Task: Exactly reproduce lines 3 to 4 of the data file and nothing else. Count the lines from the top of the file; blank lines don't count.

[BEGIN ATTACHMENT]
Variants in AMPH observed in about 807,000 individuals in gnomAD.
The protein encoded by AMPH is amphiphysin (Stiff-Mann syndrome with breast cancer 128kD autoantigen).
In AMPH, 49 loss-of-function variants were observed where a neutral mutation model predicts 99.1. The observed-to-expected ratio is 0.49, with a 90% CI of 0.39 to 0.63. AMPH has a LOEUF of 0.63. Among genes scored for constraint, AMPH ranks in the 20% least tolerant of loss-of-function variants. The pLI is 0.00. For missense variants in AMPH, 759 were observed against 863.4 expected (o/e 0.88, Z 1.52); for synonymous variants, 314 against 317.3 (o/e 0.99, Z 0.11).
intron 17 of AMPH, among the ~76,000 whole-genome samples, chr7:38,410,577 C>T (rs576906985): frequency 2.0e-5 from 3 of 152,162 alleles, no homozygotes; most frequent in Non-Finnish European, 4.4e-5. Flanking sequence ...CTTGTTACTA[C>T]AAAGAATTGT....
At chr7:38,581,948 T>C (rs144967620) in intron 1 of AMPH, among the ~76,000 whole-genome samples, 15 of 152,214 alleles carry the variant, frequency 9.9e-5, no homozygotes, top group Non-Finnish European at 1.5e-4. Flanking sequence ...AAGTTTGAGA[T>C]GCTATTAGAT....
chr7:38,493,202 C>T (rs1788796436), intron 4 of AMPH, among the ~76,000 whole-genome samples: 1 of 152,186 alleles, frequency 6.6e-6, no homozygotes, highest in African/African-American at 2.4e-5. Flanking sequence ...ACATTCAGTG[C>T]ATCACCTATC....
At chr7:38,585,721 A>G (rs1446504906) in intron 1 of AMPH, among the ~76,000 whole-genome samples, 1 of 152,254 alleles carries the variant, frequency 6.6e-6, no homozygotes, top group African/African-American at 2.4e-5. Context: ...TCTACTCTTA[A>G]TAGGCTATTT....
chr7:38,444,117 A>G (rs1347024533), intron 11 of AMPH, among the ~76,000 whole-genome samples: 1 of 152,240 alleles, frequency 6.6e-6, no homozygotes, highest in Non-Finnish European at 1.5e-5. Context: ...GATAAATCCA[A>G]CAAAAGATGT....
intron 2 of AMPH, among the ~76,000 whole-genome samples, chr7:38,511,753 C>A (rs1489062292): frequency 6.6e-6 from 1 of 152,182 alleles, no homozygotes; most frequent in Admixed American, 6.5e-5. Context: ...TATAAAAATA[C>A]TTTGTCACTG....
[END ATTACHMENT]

In AMPH, 49 loss-of-function variants were observed where a neutral mutation model predicts 99.1. The observed-to-expected ratio is 0.49, with a 90% CI of 0.39 to 0.63. AMPH has a LOEUF of 0.63. Among genes scored for constraint, AMPH ranks in the 20% least tolerant of loss-of-function variants. The pLI is 0.00. For missense variants in AMPH, 759 were observed against 863.4 expected (o/e 0.88, Z 1.52); for synonymous variants, 314 against 317.3 (o/e 0.99, Z 0.11).
intron 17 of AMPH, among the ~76,000 whole-genome samples, chr7:38,410,577 C>T (rs576906985): frequency 2.0e-5 from 3 of 152,162 alleles, no homozygotes; most frequent in Non-Finnish European, 4.4e-5. Flanking sequence ...CTTGTTACTA[C>T]AAAGAATTGT....